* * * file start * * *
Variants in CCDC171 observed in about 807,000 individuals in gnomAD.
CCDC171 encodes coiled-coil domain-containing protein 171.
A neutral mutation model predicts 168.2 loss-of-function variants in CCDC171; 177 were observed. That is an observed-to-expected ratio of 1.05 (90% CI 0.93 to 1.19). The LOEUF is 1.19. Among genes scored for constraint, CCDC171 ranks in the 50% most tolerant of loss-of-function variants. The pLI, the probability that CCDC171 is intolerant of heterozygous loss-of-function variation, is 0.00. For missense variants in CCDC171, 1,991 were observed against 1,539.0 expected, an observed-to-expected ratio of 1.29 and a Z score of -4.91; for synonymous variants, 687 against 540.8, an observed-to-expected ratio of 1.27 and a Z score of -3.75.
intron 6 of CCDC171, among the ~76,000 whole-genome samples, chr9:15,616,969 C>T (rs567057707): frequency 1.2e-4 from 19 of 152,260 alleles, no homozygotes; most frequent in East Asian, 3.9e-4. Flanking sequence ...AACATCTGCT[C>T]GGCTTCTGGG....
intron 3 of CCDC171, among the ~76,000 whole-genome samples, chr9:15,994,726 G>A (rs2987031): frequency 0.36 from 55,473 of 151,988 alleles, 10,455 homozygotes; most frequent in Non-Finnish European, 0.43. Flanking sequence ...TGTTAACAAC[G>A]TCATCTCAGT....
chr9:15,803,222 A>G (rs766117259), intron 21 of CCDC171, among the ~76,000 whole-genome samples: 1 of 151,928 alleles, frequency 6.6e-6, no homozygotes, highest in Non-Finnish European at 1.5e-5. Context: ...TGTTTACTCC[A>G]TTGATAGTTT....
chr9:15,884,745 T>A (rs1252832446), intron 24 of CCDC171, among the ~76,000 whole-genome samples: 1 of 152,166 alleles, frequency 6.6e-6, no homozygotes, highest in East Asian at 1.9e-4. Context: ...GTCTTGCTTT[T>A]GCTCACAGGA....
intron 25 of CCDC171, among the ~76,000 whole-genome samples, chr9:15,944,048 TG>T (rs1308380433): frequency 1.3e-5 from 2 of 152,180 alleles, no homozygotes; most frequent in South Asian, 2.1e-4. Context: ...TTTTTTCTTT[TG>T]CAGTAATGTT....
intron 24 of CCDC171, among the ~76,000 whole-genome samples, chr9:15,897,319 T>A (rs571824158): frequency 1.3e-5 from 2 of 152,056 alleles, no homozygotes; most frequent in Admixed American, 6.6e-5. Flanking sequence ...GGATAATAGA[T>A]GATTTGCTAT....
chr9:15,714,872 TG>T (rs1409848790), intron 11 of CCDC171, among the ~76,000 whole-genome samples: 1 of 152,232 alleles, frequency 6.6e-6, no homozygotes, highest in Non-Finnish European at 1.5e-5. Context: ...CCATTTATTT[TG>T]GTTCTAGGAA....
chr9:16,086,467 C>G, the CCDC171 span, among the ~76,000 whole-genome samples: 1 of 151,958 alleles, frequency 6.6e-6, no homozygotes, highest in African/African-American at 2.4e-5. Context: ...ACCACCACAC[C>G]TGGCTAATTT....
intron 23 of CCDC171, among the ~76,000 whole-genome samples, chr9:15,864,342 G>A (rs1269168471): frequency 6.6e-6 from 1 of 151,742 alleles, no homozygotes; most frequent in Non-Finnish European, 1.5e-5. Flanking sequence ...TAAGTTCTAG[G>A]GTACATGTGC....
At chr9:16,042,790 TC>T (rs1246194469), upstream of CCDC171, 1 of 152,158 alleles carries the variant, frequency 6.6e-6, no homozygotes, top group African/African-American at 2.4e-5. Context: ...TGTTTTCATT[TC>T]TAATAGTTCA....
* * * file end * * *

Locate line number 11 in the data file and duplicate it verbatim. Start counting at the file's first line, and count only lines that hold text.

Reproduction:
chr9:16,086,467 C>G, the CCDC171 span, among the ~76,000 whole-genome samples: 1 of 151,958 alleles, frequency 6.6e-6, no homozygotes, highest in African/African-American at 2.4e-5. Context: ...ACCACCACAC[C>G]TGGCTAATTT....